Melaleuca deanei facts for kids
Quick facts for kidsDeane's paperbark
|Melaleuca deanei foliage|
Vulnerable (EPBC Act)
Melaleuca deanei, commonly known as Deane's paperbark, is a plant in the myrtle family, Myrtaceae and is endemic to New South Wales in Australia. It is a shrub with flaky bark, narrow oval leaves and spikes of white flowers in spring and summer. The species only exists in a few isolated populations and is classified as vulnerable.
Melaleuca deanei is a shrub with grey, fibrous flaky bark. It grows to a height of 3 m (10 ft) and its new growth is furry and white, becoming glabrous with age. The leaves are arranged alternately on the stem, 10–31 mm (0.4–1 in) long and 3–9 mm (0.1–0.4 in) wide, narrow oval shaped with a pointed end and a stalk up to 2.5 mm (0.1 in) long. The leaves have many distinct oil glands.
The flowers are white and arranged in spikes at the ends of branches which continue to grow after flowering. Each spike contains 3 to 25 individual flowers and is up to 60 mm (2 in) long and 40 mm (2 in) in diameter on a furry stem. The petals are 4–6.5 mm (0.2–0.3 in) long and fall off as the flower opens. The stamens are arranged in five bundles around the flower and each bundle contains 17 to 28 stamens. Flowering occurs from July to November and is followed by fruit which are scattered, woody, barrel-shaped capsules, each about 7–9 mm (0.3–0.4 in) long and 7 mm (0.3 in) in diameter.
Taxonomy and naming
Melaleuca deanei was first formally described in 1886 by Ferdinand von Mueller in Proceedings of the Linnean Society of New South Wales from a specimen collected by Henry Deane "on the northern side of the Lane Cove River, occupying sandy ground on the ridges". The specific epithet (deanei) is "in honour of Henry Deane (1847–1924), a railways engineer who also made many contributions to Australian botany, especially in the fields of eucalyptology and palaeobotany and who collected the type material of this species".
Distribution and habitat
Melaleuca deanei occurs in isolated populations, the two main ones being the Ku-ring-gai-Berowra and Holsworthy-Wedderburn districts. There are other smaller populations in the Springwood, Wollemi, Yalwal and Hawkesbury River districts. It mainly occurs in woodland on higher ground over sandstone and only occasionally in heath.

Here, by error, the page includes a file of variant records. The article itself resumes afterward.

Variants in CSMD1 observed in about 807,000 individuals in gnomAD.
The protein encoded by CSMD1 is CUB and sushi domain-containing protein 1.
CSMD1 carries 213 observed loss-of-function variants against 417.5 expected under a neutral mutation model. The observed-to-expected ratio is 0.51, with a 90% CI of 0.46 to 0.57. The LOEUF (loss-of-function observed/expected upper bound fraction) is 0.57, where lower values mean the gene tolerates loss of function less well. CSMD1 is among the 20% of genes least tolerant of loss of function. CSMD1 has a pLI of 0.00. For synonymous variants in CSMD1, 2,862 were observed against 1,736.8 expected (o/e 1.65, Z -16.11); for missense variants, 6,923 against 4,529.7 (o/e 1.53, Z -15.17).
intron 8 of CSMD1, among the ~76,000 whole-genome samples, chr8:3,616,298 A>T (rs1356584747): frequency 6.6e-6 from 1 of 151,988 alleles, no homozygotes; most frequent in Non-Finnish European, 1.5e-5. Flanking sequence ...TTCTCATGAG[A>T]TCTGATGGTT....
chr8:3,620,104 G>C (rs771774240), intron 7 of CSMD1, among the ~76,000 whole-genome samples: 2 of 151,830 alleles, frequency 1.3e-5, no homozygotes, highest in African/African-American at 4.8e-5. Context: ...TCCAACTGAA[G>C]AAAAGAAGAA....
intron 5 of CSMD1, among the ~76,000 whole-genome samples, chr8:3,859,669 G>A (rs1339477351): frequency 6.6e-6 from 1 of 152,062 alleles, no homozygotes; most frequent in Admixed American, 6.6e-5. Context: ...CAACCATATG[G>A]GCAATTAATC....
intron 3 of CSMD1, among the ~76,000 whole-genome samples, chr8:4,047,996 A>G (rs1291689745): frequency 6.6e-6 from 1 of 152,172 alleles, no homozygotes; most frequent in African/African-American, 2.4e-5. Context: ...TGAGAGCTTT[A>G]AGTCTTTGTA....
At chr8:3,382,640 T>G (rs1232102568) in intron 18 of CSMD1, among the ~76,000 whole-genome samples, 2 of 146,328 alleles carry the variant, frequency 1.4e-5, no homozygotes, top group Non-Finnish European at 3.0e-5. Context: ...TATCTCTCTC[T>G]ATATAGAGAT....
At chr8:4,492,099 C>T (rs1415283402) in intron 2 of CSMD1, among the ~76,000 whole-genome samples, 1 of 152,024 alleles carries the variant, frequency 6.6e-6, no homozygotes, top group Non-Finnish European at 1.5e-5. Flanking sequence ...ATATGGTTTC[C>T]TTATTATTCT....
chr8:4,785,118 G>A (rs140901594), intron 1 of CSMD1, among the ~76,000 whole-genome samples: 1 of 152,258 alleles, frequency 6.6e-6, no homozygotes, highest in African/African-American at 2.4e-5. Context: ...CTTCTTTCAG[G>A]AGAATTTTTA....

It is difficult to count the number of individual plants of M. deanei because they tend to reproduce by suckering, clones are therefore common and observations of seedlings are rare. It is estimated that there between 1,000 and 3,000 individuals in approximately 75 locations. A study of the reproductive capacity of this species has been compared with that of the more common species Melaleuca nodosa, Melaleuca thymifolia and Melaleuca styphelioides. It found that M. deanei has a lower rate of seed production than the more common species because of lower rates of flowering rather than poorer pollination rate or rate of seed setting after pollination.
Deane's melaleuca is a threatened species under the New South Wales Government Threatened Species Conservation Act (1995) and the Australian Government Environmental Protection and Biodiversity Conservation Act (1999). Whilst some of the populations are in national parks or reserves, the threats include habitat disturbance, clearing, altered fire regimes, trail maintenance and weed encroachment. Some of the threat abatement measures include protecting sites from physical disturbance, undertaking regular monitoring and weeding of known sites.
M. deanei growing in Ku-ring-gai Chase National Park
Melaleuca deanei Facts for Kids. Kiddle Encyclopedia.